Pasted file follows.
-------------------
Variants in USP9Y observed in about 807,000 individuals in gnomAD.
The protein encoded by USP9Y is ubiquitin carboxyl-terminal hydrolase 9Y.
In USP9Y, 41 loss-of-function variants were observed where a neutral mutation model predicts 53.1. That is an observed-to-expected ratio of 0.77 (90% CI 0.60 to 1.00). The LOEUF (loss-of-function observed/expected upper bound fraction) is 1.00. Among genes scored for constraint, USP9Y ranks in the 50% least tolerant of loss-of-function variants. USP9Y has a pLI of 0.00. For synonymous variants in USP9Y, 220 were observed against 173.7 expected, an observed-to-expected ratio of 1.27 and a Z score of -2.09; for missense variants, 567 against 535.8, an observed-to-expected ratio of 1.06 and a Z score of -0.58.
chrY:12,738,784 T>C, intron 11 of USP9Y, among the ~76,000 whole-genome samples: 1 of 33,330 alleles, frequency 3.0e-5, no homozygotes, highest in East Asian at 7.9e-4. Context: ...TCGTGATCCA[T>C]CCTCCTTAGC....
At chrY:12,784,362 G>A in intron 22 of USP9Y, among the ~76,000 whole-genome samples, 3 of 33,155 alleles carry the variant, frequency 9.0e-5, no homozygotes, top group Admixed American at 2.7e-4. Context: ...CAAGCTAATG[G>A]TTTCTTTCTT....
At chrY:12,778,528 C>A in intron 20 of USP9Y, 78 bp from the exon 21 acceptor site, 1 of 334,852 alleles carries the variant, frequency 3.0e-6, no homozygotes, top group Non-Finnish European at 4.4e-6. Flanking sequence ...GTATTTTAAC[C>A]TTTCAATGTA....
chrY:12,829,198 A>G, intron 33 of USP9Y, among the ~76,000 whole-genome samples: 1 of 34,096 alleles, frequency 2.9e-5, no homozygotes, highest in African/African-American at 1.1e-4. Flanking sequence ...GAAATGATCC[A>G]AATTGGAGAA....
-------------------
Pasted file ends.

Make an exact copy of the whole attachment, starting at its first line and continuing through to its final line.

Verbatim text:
Variants in USP9Y observed in about 807,000 individuals in gnomAD.
The protein encoded by USP9Y is ubiquitin carboxyl-terminal hydrolase 9Y.
In USP9Y, 41 loss-of-function variants were observed where a neutral mutation model predicts 53.1. That is an observed-to-expected ratio of 0.77 (90% CI 0.60 to 1.00). The LOEUF (loss-of-function observed/expected upper bound fraction) is 1.00. Among genes scored for constraint, USP9Y ranks in the 50% least tolerant of loss-of-function variants. USP9Y has a pLI of 0.00. For synonymous variants in USP9Y, 220 were observed against 173.7 expected, an observed-to-expected ratio of 1.27 and a Z score of -2.09; for missense variants, 567 against 535.8, an observed-to-expected ratio of 1.06 and a Z score of -0.58.
chrY:12,738,784 T>C, intron 11 of USP9Y, among the ~76,000 whole-genome samples: 1 of 33,330 alleles, frequency 3.0e-5, no homozygotes, highest in East Asian at 7.9e-4. Context: ...TCGTGATCCA[T>C]CCTCCTTAGC....
At chrY:12,784,362 G>A in intron 22 of USP9Y, among the ~76,000 whole-genome samples, 3 of 33,155 alleles carry the variant, frequency 9.0e-5, no homozygotes, top group Admixed American at 2.7e-4. Context: ...CAAGCTAATG[G>A]TTTCTTTCTT....
At chrY:12,778,528 C>A in intron 20 of USP9Y, 78 bp from the exon 21 acceptor site, 1 of 334,852 alleles carries the variant, frequency 3.0e-6, no homozygotes, top group Non-Finnish European at 4.4e-6. Flanking sequence ...GTATTTTAAC[C>A]TTTCAATGTA....
chrY:12,829,198 A>G, intron 33 of USP9Y, among the ~76,000 whole-genome samples: 1 of 34,096 alleles, frequency 2.9e-5, no homozygotes, highest in African/African-American at 1.1e-4. Flanking sequence ...GAAATGATCC[A>G]AATTGGAGAA....